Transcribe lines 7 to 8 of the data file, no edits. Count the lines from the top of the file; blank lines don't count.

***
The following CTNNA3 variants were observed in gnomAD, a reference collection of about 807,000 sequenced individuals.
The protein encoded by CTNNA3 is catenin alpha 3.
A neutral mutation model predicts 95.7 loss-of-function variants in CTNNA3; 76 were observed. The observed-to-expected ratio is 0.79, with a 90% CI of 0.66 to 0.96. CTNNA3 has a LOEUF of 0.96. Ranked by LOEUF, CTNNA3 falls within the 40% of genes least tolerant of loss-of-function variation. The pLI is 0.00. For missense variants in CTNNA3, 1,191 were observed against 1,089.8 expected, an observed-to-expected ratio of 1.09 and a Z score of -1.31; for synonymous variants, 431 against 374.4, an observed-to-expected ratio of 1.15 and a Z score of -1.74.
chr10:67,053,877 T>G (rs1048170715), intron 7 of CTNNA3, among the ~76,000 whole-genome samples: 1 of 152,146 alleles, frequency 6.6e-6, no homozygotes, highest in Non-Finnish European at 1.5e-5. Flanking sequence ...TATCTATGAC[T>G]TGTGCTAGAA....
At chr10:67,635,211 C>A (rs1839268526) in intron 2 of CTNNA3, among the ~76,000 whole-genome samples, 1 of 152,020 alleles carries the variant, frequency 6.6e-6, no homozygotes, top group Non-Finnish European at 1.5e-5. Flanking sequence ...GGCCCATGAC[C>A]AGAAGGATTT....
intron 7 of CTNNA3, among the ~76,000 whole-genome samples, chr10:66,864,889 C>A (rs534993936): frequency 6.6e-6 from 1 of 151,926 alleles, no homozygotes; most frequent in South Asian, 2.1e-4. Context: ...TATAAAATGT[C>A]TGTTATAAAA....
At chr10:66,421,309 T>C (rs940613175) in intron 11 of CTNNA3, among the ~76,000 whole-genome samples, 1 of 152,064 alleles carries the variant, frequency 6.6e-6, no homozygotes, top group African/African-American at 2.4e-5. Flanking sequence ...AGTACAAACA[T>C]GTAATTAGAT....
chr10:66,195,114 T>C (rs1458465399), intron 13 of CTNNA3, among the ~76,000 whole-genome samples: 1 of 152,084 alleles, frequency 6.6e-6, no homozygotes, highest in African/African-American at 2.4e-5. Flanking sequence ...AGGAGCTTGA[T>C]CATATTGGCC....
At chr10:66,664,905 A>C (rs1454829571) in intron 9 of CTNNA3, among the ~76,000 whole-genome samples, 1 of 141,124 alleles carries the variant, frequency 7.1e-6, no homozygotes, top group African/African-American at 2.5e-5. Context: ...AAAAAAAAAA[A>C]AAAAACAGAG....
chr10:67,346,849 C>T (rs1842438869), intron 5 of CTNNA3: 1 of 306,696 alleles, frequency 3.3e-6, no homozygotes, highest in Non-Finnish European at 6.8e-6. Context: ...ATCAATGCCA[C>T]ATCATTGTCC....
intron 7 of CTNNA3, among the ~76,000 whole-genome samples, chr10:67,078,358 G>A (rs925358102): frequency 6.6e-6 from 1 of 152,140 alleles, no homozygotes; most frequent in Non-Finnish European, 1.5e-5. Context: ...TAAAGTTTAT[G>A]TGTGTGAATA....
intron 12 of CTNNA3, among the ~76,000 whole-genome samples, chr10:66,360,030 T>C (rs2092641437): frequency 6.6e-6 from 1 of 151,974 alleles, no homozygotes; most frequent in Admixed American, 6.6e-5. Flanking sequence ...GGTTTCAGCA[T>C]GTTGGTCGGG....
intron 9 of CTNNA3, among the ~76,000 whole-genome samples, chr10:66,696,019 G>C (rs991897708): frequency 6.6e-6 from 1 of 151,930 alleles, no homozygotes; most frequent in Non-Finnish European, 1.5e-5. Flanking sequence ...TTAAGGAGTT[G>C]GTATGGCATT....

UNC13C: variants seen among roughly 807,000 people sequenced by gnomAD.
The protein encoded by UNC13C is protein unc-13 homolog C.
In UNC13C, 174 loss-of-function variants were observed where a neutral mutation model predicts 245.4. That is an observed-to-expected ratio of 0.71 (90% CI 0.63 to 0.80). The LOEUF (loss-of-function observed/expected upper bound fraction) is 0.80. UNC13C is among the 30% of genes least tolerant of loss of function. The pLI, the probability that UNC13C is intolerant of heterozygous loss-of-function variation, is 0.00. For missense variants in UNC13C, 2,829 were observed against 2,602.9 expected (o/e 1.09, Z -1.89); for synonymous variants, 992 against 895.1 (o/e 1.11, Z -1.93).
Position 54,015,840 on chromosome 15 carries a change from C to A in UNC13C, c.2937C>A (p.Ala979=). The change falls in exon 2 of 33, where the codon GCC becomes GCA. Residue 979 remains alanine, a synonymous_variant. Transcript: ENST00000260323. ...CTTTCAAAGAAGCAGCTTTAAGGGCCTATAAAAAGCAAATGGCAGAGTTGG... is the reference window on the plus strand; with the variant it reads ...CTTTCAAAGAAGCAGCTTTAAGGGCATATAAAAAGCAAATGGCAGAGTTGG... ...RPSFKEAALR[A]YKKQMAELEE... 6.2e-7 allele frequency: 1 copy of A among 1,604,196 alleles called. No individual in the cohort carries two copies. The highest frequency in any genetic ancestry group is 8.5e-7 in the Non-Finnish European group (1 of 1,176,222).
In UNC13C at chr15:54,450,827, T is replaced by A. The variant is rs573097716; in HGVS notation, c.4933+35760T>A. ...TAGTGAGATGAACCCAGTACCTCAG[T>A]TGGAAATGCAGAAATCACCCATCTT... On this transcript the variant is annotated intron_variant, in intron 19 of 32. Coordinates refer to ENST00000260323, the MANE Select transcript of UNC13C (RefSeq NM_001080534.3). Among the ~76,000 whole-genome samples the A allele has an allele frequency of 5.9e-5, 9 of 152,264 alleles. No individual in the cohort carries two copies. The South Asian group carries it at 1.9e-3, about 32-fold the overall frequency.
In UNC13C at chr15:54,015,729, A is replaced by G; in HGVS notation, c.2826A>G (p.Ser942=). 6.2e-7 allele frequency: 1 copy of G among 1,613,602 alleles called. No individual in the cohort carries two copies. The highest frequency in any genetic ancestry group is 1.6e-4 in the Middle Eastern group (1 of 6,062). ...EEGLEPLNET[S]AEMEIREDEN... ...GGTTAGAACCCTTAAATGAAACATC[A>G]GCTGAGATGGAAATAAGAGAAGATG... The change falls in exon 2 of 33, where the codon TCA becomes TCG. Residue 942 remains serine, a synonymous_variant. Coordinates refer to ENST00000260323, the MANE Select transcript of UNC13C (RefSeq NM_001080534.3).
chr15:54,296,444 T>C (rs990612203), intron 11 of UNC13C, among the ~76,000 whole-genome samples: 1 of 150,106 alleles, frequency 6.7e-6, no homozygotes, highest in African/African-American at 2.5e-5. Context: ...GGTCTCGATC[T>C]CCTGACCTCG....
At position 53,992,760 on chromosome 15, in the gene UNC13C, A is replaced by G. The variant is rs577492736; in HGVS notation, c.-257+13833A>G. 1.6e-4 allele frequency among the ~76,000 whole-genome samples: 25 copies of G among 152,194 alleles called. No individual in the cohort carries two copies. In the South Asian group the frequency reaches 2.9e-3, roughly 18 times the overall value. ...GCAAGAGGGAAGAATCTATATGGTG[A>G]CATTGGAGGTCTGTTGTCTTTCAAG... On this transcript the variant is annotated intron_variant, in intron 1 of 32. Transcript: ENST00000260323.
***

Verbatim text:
At chr10:66,421,309 T>C (rs940613175) in intron 11 of CTNNA3, among the ~76,000 whole-genome samples, 1 of 152,064 alleles carries the variant, frequency 6.6e-6, no homozygotes, top group African/African-American at 2.4e-5. Flanking sequence ...AGTACAAACA[T>C]GTAATTAGAT....
chr10:66,195,114 T>C (rs1458465399), intron 13 of CTNNA3, among the ~76,000 whole-genome samples: 1 of 152,084 alleles, frequency 6.6e-6, no homozygotes, highest in African/African-American at 2.4e-5. Flanking sequence ...AGGAGCTTGA[T>C]CATATTGGCC....